November 3, 2013 by lucieromarin
Telekinesis is particular to science fiction because common human experience tells us that it is not possible to pick up a lump of cheese with mind-power. At the same time, when we speak of grasping concepts, we know that it is not with our hands that we have grasped them. We see that that which is material and individual (a particular lump of cheese) can only be grasped by that which is also material and individual (a particular hand.) Conversely, that which is immaterial (my concept, ‘philanthropy,’) must be grasped by that which is immaterial, (my intellect.)
Okay, obviously I didn’t explain the entire philosophy of knowledge and metaphysics in that paragraph. It’s a blog post, not a book. Just run with me, because the next point is actually the point of this post.
I think that, when we wonder about intellect and mind and knowledge and all these things, the problem isn’t that anyone thinks that “An immaterial thing needs an immaterial grasper” sounds intrinsically unreasonable; it’s that, in this dichotomy of the material and the immaterial, we don’t know where to situate the brain. For we know that the brain, which is obviously material, is also, obviously, in some way related to thinking. Sure, it’s clearly not the whole story, because animals have brains, and they don’t write equations. At the same time, babies have intellects, and they don’t write equations either. So what’s the deal?
The deal is that the intellect works dependently upon the brain in this lifetime, but that dependence is not identity. The relationship is something like the relationship between a hard drive and a printer – they’re not the same thing, and one is a more astonishing piece of manufacturing than the other, but you do need both, connected and in good working order, to get the results that we take to be normal. (So, just in case you’ve ever wondered, a head transplant would change you a little, for your hard drive would find itself suddenly working with an entirely new printer. At the same time, you wouldn’t emerge from it with a wholly new set of memories, because memories are stored on the drive.)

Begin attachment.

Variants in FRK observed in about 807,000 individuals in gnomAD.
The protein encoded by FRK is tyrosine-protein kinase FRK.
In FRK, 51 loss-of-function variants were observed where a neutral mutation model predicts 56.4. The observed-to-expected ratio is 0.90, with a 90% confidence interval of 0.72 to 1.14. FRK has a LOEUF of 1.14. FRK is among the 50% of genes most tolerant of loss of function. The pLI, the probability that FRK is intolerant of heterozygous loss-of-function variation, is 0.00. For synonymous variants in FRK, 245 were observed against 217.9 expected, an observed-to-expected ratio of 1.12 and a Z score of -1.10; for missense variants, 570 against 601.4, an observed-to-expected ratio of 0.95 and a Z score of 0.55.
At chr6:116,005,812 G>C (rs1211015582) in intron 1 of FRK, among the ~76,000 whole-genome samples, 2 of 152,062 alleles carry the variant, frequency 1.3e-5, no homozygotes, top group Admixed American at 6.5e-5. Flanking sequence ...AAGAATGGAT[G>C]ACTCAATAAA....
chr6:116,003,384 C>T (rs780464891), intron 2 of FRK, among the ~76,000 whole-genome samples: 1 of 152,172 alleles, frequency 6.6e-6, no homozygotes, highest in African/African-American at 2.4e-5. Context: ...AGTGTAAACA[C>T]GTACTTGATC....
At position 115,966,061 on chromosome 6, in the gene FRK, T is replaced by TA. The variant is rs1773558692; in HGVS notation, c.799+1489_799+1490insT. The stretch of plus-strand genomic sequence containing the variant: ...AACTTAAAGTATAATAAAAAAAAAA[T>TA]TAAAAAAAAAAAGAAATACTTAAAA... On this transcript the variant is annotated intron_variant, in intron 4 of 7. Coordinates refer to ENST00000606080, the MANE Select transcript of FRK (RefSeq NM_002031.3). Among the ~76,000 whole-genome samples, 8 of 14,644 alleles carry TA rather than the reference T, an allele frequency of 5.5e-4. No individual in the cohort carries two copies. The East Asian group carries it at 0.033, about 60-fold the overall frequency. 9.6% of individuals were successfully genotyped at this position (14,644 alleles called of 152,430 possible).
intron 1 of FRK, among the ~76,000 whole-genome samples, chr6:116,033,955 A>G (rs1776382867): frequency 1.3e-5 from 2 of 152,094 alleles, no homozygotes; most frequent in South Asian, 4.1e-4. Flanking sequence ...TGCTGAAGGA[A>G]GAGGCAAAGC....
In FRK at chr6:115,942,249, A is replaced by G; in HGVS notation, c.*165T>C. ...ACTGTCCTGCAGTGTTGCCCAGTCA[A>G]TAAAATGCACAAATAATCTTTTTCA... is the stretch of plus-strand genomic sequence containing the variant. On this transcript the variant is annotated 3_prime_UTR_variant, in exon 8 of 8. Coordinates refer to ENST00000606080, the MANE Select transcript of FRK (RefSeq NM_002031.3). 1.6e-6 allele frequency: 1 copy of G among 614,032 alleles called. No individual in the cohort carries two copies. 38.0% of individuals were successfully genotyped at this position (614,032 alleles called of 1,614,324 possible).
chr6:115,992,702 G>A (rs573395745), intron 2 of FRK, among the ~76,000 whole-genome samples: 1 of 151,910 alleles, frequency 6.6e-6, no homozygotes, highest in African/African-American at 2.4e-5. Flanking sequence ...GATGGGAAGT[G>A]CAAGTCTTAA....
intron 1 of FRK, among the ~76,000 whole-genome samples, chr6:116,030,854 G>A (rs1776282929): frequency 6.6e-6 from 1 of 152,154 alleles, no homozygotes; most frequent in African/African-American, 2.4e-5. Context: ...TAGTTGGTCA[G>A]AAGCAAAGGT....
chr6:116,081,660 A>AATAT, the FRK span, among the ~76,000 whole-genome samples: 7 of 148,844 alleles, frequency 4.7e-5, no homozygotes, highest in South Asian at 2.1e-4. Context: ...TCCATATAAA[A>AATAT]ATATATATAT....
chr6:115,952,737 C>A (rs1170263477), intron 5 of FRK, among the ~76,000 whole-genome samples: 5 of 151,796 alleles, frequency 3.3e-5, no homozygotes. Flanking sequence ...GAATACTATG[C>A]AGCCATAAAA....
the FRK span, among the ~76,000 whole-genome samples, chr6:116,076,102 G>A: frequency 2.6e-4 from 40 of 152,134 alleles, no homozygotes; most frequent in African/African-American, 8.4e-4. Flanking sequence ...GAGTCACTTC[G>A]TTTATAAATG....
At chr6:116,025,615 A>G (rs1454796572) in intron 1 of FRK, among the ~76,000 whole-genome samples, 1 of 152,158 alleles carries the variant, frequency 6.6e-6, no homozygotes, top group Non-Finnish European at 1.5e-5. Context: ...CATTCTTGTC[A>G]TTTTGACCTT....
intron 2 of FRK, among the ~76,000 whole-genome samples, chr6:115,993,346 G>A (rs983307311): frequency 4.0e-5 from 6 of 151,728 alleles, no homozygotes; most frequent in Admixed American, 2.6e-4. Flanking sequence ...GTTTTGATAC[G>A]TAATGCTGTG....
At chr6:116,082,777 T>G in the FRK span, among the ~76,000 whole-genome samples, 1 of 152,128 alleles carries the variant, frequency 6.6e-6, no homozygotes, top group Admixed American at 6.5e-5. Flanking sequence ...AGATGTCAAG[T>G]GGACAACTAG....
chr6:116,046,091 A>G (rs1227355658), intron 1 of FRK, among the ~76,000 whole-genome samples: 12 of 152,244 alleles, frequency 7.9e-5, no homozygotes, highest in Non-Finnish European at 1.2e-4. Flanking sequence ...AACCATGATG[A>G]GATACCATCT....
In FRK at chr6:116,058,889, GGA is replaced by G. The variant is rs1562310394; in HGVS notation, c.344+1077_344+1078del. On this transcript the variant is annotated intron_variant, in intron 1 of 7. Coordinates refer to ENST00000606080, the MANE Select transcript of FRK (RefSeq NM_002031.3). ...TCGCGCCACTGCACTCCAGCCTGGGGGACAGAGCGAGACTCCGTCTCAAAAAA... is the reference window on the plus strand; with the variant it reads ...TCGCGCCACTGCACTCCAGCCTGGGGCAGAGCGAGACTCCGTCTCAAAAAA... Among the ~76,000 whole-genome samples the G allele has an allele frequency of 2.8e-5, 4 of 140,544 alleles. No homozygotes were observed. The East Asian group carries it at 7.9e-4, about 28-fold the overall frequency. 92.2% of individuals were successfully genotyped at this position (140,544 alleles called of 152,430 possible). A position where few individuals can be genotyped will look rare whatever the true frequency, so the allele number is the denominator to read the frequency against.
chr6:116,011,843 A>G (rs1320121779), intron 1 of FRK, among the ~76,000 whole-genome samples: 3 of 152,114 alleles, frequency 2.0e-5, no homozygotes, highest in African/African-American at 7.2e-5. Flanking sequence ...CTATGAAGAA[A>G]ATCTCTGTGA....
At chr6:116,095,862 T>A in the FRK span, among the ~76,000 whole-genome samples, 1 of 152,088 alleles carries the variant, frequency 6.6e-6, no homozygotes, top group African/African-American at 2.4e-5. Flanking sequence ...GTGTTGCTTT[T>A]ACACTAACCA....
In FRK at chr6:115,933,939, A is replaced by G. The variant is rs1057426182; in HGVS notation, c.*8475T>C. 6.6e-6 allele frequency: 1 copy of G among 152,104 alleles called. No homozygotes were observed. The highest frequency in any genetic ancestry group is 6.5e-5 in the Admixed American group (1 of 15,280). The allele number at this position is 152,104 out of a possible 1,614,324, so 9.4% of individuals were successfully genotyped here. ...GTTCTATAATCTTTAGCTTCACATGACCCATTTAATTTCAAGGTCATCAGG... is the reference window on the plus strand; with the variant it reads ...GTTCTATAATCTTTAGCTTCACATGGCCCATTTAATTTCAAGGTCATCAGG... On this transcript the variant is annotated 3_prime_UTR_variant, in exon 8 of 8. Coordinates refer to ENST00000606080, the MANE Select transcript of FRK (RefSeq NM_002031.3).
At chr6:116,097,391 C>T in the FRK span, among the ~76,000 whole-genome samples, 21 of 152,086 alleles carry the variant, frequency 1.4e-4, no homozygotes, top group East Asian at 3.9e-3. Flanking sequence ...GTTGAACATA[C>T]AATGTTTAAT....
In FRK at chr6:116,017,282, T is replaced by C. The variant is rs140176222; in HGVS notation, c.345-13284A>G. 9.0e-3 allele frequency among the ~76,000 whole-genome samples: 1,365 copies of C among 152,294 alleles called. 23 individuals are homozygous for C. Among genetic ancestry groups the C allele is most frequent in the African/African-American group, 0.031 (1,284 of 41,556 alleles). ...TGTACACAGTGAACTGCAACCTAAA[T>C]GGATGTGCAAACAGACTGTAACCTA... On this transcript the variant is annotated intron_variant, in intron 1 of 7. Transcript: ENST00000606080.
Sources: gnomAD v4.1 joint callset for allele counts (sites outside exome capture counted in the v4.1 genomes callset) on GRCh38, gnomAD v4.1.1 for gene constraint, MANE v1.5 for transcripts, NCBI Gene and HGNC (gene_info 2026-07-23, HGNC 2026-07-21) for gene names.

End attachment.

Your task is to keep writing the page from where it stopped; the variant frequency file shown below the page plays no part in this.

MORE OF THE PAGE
See, when we talk about the body and soul being united, we don’t mean only that the body is something like a milk carton – just a vessel for the milk, which can be thoughtlessly tossed aside when the milk has been poured out. We don’t mean only that they’re occupying the same space, but that they’re actually working together – collecting sense-data and then interpreting it; expressing concepts in dance or song; abstracting principles of human psychology from movements observed at a basketball match; making a cake to show that we care; symbolising in colour everything from mourning, virginity, and anger, to penitence, envy, and hope. Cut off my hand – I’ll still understand cheese. But try describing cheese to someone who’s never seen, smelt, or tasted it!
This non-identical-dependence is the reason it’s possible that we’ll discover, in the next life, that the greatest created human intellect in the whole of history actually belonged to the brain-damaged four-year-old girl next door, who never, in this life, learned to write a complete sentence or dress herself. This is why, though trauma effects such as memory-loss, can be a Cross, we don’t need to feel that God has, in that Cross, really destroyed the most essential parts of ourselves – any more than those persons who lose the use of their limbs through horrible accidents need to worry that they have suddenly become less valuable in His eyes. Like all things, they will be restored to us one day.